I heard the news this morning that Miep Gies, 100, passed away in The Netherlands. She was one of around 20,000 other regular Dutch citizens who hid people of the Jewish faith from the Nazis during World War II. She was the last living member of the group who hid the eight people and provided for them for more than two years. After the Frank family and the other four people hiding with them were found, Gies found Anne's diary and kept it hidden until she gave it to Otto Frank, Anne's father, after the war had ended. She had been Otto's secretary before the war.
Otto decided to publish an edited version of Anne's diary in 1947. I received The Diary of a Young Girl from my grandmother for Christmas when I was only 11. I read it very soon after receiving it and I remember feeling fascinated by this girl's diary and all that was in it. Of course, as a fifth-grader, all of the political undertones and much of what was going on outside the walls of The Secret Annex were lost on me at the time. However, I've read it seven more times since then, and reading it has meant more to me each time because I knew a lot more about the circumstances that brought Anne and her family into hiding, and what the world has been like since. As you can probably imagine, my paperback copy is one of the most dog-eared books I have.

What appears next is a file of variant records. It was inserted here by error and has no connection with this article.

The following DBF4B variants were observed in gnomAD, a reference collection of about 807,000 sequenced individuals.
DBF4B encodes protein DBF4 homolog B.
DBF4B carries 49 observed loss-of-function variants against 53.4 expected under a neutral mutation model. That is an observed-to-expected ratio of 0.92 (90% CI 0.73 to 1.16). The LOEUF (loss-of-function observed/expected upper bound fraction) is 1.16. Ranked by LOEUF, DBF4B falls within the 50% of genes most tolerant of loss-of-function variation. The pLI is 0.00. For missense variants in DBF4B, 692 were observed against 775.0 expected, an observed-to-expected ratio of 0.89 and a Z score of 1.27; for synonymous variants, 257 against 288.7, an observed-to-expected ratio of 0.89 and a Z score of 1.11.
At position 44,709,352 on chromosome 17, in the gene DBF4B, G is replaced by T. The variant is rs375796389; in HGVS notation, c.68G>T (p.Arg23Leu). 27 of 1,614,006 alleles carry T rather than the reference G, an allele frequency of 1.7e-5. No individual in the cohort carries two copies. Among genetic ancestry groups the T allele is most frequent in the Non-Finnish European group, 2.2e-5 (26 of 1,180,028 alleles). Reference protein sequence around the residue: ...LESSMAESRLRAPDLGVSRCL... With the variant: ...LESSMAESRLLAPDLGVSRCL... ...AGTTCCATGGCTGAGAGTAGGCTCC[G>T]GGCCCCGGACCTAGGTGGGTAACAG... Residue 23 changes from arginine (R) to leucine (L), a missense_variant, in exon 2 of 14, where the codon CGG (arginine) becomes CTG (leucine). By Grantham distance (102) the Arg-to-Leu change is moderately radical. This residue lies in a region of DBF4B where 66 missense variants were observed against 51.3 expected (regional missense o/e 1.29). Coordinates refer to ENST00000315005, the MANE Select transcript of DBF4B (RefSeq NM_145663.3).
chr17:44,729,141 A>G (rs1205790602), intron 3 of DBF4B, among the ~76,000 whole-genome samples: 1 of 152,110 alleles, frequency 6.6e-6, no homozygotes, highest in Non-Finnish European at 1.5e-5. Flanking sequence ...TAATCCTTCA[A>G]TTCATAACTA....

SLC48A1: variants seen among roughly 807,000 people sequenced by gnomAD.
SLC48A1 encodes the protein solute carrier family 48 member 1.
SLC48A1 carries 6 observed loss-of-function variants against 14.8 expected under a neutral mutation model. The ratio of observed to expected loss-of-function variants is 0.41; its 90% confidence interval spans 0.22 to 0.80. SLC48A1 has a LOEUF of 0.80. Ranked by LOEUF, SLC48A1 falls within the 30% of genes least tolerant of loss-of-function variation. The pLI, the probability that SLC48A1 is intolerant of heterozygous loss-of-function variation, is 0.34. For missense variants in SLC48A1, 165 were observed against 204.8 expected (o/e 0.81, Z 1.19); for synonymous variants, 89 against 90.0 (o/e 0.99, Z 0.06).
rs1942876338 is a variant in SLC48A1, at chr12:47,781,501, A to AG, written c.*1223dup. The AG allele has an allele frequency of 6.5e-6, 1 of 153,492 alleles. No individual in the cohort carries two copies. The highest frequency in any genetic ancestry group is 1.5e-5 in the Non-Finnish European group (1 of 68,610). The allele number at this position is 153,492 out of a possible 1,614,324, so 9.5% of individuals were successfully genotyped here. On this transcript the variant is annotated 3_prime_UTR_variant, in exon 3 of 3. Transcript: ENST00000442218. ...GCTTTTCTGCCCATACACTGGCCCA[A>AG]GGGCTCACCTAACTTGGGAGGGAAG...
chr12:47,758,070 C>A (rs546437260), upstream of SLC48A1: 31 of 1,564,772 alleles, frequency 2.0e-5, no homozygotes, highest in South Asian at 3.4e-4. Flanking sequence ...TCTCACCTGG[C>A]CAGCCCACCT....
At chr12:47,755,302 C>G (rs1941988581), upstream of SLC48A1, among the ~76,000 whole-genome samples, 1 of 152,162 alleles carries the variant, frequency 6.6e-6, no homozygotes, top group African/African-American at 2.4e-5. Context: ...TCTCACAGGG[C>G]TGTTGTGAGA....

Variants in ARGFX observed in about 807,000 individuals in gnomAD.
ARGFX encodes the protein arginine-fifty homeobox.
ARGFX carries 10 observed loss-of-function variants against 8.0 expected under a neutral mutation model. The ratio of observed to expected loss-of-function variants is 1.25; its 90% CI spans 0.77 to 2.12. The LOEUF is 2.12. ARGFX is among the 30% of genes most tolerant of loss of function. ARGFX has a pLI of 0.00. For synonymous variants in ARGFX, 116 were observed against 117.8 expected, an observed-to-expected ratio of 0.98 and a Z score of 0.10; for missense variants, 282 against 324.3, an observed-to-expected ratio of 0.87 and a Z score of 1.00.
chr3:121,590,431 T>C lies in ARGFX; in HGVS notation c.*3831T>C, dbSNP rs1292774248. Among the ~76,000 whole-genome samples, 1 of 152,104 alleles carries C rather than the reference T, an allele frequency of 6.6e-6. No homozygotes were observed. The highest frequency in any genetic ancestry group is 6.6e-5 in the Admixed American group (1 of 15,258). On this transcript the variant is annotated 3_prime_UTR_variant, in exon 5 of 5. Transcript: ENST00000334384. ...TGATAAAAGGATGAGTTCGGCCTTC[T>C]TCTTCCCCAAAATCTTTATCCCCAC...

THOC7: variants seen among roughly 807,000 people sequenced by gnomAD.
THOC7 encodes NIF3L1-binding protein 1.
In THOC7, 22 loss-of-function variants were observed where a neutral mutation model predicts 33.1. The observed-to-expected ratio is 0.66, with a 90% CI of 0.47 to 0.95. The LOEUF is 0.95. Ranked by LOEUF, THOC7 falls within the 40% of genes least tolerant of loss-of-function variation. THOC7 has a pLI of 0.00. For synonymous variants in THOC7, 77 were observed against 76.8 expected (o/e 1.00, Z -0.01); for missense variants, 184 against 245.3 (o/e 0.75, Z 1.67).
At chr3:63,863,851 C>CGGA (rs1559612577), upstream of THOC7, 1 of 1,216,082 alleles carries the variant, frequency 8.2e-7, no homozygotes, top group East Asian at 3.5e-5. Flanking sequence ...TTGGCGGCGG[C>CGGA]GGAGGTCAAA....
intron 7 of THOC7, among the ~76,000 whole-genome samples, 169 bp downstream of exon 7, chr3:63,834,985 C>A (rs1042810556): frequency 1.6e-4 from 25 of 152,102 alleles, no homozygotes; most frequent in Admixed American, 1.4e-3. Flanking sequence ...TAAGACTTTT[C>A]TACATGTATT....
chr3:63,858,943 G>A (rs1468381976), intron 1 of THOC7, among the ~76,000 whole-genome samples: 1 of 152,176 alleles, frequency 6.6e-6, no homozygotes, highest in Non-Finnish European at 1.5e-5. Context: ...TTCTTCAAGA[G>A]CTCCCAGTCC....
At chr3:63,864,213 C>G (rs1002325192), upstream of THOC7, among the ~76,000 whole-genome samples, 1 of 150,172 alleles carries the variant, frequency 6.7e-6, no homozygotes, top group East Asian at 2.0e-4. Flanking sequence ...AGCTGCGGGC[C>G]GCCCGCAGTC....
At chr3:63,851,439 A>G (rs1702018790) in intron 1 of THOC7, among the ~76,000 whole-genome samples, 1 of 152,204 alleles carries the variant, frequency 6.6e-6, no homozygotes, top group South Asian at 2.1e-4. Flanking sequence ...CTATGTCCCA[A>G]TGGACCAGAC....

My grandmother must have known I'd like the book, because she also purchased Anne Frank Remembered: The Story of the Woman Who Helped to Hide the Frank Family by Miep Gies with Alison Leslie Gold in 1988 at an Anne Frank exhibition that came to her city. She may have purchased the diary for me at the same time, but waited a few years before giving me Gies' book.
A few years after I received The Diary of a Young Girl, a new edition was published that includes material Otto opted not to publish in the original version. I have a copy of the newer one too and have read it once. It includes Anne's writing of her own sexual discovery and rants about other residents of The Secret Annex. The newer version is about a third longer than the older and more well-known one.
A few years ago, I happened upon a book called The Last Seven Months of Anne Frank: The Stories of Six Women Who Knew Anne Frank by Willy Lindwer in a used book store. I bought it, but have never read it.
It sounds like it might be time for me to read this and to reread Anne's diary.